A 14-year-old Maryland boy armed with an untraceable “ghost gun” opened fire while at an outdoor basketball court Wednesday night, killing one man and wounding three teenagers, prosecutors and police alleged Thursday.

Authorities accused Shilen Wylie of firing approximately 16 rounds during an altercation. He was charged as an adult with one count of first-degree murder and three counts of attempted first-degree murder.

“The allegations are very serious and also very disturbing,” Montgomery County District Court Judge Eric Nee said from the bench Thursday, ordering that Wylie be held without bond.

The night before, according to prosecutors, Wylie had traveled by Metro train and bus from Silver Spring to the Plum Gar Community Recreation Center in Germantown. With him was a friend who had been arguing by text and phone with a 16-year-old.

The pair found the 16-year-old, along with two of his brothers and his friends, on the outdoor basketball courts at the recreation center, according to Assistant State’s Attorney Donna Fenton. Wylie’s friend and the 16-year-old squared off in a fistfight, Fenton said.

“The fight only lasted for several moments before this defendant, armed with a ghost gun, pulled that ghost gun from his waistband and began to shoot,” Fenton said.

The 16-year-old was struck in one knee, Fenton said. His older brother, Axel Trejos, 20, was hit four times. Two others were struck: a 13-year-old who was shot through his shoulder and a 15-year-old hit in the chest and an arm, Fenton said.

Trejos, a 2020 graduate of Clarksburg High School, was taken to Suburban Hospital, where he was pronounced dead, according to arrest records filed in court. The three other victims were taken to different hospitals, and by Thursday afternoon, all had been released.

The lawyer representing Wylie in court Thursday, Lucy Larkins, described him as a straight-A student whose “character and academic achievement” had recently earned him a scholarship to a private boarding school in Pennsylvania, where he was to begin classes Sept. 10. Larkins asked that Wylie be released from custody and be allowed to go to school, “given his incredibly young age, given the fact that he is in school, given that he is a strong student.”

In denying the request, Nee cited the accusations against Wylie.

“Three people [and] the murder victim were shot in this case,” the judge said. “And you had the gun on you when you were taken into custody. Those are the allegations.”

Nee did grant Larkins’s request that Wylie be transferred from the county’s adult jail to a nearby secure facility for juveniles.

A proliferation of “ghost guns” has alarmed police and prosecutors around the country. The weapons are assembled from different parts and with no serial numbers, making them untraceable.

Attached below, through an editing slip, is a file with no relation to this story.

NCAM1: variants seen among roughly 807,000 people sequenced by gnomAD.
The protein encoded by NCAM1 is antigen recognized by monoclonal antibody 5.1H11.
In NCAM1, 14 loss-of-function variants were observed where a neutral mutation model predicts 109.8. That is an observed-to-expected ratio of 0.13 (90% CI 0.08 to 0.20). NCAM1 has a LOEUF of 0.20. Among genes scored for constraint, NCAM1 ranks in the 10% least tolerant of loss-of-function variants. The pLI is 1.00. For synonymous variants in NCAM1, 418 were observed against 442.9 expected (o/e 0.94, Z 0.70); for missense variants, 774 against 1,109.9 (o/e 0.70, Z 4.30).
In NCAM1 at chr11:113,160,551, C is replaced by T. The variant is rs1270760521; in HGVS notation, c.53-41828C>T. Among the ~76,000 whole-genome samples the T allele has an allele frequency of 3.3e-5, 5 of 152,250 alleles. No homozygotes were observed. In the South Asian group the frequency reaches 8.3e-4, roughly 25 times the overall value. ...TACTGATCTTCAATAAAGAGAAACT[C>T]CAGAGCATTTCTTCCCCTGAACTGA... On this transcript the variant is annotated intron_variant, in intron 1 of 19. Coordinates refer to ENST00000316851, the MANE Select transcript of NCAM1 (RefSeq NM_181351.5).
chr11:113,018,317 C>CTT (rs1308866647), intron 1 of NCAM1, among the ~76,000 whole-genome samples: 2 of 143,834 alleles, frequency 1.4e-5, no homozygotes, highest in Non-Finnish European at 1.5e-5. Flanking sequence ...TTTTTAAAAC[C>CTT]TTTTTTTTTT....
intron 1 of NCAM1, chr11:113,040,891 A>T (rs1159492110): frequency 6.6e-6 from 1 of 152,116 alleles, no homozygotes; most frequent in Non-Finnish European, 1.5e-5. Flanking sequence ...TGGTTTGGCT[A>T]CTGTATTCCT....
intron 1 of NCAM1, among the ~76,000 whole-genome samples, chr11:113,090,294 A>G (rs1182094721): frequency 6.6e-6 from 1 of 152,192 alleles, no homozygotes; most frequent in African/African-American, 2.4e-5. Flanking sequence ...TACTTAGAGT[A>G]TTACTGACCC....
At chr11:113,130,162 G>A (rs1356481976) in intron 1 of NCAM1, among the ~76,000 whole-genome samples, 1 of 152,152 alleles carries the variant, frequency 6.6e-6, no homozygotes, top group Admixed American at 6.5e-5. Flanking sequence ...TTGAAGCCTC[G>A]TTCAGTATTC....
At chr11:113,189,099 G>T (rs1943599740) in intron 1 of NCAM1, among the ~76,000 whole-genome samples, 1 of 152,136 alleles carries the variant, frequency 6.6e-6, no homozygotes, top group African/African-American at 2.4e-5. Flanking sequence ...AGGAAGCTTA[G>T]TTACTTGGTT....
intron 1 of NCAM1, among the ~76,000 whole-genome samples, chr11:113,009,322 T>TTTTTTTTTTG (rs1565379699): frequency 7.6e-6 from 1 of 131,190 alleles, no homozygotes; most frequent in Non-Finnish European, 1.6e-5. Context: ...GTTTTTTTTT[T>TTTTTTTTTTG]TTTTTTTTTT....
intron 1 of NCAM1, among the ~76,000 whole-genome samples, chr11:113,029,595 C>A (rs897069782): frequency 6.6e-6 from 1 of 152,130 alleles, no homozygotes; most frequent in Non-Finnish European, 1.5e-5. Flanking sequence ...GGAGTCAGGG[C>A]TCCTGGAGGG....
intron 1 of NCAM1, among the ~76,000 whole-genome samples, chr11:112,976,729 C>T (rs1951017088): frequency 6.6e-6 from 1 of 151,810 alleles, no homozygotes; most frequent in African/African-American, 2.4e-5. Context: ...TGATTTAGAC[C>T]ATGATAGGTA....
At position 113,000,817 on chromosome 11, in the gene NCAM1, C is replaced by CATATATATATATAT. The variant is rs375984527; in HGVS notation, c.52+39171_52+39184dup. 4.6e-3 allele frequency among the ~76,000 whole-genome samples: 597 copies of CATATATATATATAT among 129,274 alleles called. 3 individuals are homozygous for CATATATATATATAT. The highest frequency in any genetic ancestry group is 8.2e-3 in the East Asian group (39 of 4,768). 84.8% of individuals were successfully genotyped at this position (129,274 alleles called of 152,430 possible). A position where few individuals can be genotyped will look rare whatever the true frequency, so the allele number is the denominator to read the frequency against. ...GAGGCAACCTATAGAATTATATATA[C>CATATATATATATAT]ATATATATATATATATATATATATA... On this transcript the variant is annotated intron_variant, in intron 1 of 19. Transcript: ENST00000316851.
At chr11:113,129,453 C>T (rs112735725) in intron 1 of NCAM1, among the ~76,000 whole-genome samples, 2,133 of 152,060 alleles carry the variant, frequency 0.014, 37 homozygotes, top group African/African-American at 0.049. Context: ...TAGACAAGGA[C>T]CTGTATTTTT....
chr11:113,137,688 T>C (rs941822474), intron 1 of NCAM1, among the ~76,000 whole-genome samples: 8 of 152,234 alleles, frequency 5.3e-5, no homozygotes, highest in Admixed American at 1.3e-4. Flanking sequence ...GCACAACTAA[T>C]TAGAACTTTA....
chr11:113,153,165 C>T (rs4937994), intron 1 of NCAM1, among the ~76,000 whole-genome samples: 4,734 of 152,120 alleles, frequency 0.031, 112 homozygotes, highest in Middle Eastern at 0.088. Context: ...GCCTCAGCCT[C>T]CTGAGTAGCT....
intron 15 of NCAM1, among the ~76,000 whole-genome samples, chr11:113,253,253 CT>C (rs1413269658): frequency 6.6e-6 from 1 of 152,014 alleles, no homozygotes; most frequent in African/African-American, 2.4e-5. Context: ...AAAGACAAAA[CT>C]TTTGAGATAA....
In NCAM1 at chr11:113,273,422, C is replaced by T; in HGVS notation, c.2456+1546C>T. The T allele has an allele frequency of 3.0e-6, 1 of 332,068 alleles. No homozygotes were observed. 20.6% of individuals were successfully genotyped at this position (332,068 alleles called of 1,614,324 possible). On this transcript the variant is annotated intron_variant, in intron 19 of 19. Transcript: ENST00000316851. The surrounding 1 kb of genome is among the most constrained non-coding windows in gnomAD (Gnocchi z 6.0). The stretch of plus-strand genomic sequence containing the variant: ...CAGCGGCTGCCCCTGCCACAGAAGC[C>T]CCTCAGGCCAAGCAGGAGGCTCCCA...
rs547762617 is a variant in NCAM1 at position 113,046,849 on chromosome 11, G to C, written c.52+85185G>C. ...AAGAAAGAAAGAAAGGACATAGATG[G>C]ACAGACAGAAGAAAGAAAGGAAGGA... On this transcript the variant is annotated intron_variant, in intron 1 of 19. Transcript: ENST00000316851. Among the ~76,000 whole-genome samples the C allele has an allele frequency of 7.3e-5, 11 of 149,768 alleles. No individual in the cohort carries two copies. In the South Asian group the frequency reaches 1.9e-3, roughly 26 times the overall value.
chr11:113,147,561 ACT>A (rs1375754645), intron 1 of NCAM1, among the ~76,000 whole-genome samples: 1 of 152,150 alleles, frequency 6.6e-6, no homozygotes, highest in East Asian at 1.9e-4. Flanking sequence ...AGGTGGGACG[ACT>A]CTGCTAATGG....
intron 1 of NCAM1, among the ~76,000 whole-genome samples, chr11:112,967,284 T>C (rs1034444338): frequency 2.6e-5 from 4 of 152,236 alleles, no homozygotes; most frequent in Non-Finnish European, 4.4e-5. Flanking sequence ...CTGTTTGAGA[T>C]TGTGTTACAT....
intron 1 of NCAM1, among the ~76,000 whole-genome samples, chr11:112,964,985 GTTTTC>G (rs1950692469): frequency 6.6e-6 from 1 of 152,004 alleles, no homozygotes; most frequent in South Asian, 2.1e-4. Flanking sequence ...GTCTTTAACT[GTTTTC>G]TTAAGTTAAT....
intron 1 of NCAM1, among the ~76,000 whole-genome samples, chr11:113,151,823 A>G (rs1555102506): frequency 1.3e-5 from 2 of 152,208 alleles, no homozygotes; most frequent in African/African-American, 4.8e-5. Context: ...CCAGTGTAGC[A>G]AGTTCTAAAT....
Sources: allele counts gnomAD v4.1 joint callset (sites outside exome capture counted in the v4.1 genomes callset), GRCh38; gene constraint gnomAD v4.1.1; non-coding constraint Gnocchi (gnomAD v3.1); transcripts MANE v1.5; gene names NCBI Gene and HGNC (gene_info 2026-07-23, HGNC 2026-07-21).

“We have certainly seen ghost gun cases in the county, but none that I can recall that were involved in a homicide,” Montgomery County State’s Attorney John McCarthy said Thursday.

The prosecutor said it was too soon in the case to know how the gun was obtained, including who assembled it. The specifics of the disagreement that preceded the shooting are under investigation, McCarthy said.

Late Thursday afternoon, across the street from the basketball courts, about a dozen relatives and family friends sat outside the home of two of the victims. Several were crying. They declined to be interviewed and said the victims’ immediate family members were too distraught to answer questions.

In Maryland, anyone 14 or older who is charged with first-degree murder must be charged an adult.

Defense lawyers can request that cases be transferred to the juvenile court system, which is geared toward treatment and rehabilitation. That system also has secure facilities and can hold defendants until they reach 21 — a sentence sometimes called “juvenile life,” according to Gary Gerstenfield, a Maryland defense attorney who handles juvenile cases.

Judges examine five factors regarding a defendant in weighing whether to send such a case to juvenile court: the person’s age; physical and mental health; amenability to treatment; the nature of the offense; and public safety.

“Recent case law, however, prioritizes amenability to treatment over the other factors and has given defense attorneys a stronger legal argument in these cases,” said Paul Zmuda, a former prosecutor in Maryland who is now a defense attorney and handles juvenile cases.

Fenton’s presentation Thursday and court filings described how police quickly made an arrest.

Officers were called to the basketball courts for a reported shooting at the recreation center on Scenery Drive near Frederick Road. They found three victims on the basketball court and the fourth nearby and began administering first aid, officials said.

A lookout was put out for the suspect as patrol officers established a perimeter in the area. They quickly spotted two males, police said.

One was Wylie and the second was the friend who had accompanied him to the basketball courts, officials said. Wylie was found to be carrying a 9mm handgun, the same caliber as that used in the shootings, detectives asserted in court records.

Fenton said the 16 bullet casings at the scene will be forensically compared with the gun, which still held three rounds. There was no indication that the person who accompanied Wylie had been charged.

Fenton said that a witness at the scene positively identified Wylie as the shooter. Police termed the case “an isolated incident” that is still being investigated.

Clarence Williams and Julie Tate contributed to this report.